It seems obvious to expect that as I feel more peaceful, clearer, more centered, less reactive, my close relationships would see benefits. My ability to love and accept myself and others provides the necessary grace and freedom for true intimacy. My improved relationship with myself, improves my relationships with others.

But the practice has not just affected my closest relationships. It has expanded my sense of relationship and miraculously, seemingly without effort, collected a web of beings around me in support of my practice. My life, thanks to meditation, is full of authentic and joyful connection.

I am not a naturally social person. In fact, I was a painfully shy child, and have struggled with some level of social anxiety ever since.

We all have this anxiety to some degree and it makes good biological sense. Human beings need community for their survival. Exclusion from the tribe, for most of human history, was a death sentence. So we had to be concerned with our likeability and social status.

But, like many of our evolutionary adaptations, the fear of faux pas had become more painful than helpful for many of us. The constant self-assessment, the effort to project certain qualities, and to hide others, is exhausting and takes us away from the present moment.

Meditation practice inspires a certain kind of faith in ourselves. We attend to the present moment, we attend to our inner landscapes, and over time we learn to trust that relaxing into the present allows our most heartfelt and wise responses to emerge. This degree of ease and warmth opens a safe space in us. And those around us can sense this safe zone.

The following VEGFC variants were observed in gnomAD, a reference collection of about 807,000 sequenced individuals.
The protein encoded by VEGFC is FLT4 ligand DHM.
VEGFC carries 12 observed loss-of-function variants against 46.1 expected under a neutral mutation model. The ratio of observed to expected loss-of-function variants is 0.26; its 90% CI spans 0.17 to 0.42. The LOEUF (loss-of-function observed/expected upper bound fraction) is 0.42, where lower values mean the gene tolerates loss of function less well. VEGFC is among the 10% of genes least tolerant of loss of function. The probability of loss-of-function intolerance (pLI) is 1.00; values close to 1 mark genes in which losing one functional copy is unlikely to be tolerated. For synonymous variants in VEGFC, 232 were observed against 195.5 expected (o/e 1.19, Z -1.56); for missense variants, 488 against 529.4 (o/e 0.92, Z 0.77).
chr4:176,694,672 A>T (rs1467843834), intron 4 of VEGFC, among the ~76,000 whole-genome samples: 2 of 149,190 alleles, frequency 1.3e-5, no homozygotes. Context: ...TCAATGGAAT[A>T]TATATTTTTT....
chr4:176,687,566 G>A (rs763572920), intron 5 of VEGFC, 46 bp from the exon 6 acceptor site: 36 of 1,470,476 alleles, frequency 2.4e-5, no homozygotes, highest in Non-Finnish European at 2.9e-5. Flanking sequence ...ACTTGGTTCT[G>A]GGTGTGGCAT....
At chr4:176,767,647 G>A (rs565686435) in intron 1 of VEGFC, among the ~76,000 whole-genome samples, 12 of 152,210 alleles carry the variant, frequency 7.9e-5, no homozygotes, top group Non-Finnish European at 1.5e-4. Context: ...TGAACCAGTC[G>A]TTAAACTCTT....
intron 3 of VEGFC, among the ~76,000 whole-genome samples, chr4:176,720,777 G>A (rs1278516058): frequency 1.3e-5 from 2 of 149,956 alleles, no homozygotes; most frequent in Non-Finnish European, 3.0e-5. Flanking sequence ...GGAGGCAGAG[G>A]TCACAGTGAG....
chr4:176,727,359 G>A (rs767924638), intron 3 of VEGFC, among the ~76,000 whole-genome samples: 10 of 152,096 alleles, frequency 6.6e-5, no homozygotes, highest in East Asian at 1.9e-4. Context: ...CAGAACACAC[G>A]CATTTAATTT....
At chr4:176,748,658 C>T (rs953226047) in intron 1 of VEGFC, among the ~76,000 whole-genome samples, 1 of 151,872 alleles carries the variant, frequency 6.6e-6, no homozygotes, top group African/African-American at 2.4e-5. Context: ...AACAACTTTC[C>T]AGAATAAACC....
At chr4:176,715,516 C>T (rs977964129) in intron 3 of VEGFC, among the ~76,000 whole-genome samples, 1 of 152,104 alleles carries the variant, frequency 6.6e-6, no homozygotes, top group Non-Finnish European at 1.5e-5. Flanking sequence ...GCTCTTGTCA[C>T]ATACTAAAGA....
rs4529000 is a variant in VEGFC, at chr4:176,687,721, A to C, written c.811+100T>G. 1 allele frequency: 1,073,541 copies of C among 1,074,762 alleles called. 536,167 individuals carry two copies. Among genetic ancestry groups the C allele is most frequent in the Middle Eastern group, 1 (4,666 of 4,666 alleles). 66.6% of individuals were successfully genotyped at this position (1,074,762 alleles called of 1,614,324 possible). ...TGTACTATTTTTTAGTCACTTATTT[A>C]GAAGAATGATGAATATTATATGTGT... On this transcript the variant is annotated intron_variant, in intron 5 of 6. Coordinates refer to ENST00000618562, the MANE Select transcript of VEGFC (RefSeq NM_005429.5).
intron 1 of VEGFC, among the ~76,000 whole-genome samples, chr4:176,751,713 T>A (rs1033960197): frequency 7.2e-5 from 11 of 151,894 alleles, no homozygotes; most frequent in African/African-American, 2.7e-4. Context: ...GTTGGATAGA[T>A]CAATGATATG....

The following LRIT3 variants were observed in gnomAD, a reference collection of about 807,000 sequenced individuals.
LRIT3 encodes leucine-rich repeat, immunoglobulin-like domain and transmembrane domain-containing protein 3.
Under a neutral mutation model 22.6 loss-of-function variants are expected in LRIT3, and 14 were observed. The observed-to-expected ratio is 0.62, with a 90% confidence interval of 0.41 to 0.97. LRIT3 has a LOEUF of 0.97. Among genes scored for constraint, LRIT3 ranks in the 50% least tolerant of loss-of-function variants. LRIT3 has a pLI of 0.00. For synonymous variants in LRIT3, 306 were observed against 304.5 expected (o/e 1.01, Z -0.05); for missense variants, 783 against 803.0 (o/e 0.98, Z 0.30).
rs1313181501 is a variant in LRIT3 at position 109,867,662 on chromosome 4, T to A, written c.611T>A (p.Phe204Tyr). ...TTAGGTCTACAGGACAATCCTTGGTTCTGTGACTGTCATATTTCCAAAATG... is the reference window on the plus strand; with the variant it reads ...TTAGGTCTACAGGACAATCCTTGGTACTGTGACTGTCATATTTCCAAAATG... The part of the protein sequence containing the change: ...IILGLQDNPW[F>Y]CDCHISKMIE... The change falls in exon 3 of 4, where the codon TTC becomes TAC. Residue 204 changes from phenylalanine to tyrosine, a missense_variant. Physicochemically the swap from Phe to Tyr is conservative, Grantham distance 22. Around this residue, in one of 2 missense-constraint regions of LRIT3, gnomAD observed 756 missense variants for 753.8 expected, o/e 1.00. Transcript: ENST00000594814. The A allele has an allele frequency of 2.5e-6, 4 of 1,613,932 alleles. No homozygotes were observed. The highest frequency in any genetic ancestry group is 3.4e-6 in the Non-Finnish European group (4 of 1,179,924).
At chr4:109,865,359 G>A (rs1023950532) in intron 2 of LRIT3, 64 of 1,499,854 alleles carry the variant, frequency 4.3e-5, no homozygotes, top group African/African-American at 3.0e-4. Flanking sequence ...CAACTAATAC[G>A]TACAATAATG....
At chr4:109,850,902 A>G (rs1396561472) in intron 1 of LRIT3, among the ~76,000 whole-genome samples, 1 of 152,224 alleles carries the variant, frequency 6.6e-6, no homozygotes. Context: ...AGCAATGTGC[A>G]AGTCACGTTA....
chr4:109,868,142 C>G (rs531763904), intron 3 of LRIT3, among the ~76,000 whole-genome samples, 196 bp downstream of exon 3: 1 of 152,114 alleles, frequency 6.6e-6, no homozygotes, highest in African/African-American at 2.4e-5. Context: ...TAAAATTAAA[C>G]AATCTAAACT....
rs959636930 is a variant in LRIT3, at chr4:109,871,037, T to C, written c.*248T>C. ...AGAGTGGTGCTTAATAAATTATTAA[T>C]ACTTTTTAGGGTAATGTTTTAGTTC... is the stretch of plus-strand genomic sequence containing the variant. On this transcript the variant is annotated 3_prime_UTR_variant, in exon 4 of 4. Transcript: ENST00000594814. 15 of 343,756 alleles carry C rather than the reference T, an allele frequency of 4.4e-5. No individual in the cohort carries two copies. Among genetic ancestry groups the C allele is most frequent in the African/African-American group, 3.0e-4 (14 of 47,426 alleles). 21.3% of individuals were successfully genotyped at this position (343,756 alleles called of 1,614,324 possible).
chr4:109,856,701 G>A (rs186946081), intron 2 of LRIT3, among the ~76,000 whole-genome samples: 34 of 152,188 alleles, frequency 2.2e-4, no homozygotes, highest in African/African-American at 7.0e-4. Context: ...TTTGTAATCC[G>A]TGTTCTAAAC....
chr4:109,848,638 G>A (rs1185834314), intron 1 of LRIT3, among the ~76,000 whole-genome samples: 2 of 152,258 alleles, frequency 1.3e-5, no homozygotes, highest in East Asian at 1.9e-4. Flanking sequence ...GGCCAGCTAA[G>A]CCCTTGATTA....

When we are open, present, and kind, we allow others to drop their armor as well. We connect to others naturally. We find ourselves having lovely conversations with strangers, or surprising and genuine interactions with acquaintances. We find that difficult family relationships begin to shift and heal without us having to force anything.

Attention and love are not divisible. To pay full attention to someone is to love them completely. So mindfulness, though described as the process of learning to “pay attention” to our lives, is in actuality an invitation to love our lives in the deepest sense. To not judge or separate or condition our relationship to all of life–including our relationship to ourselves and to others–but to untether it, to free it from constraints.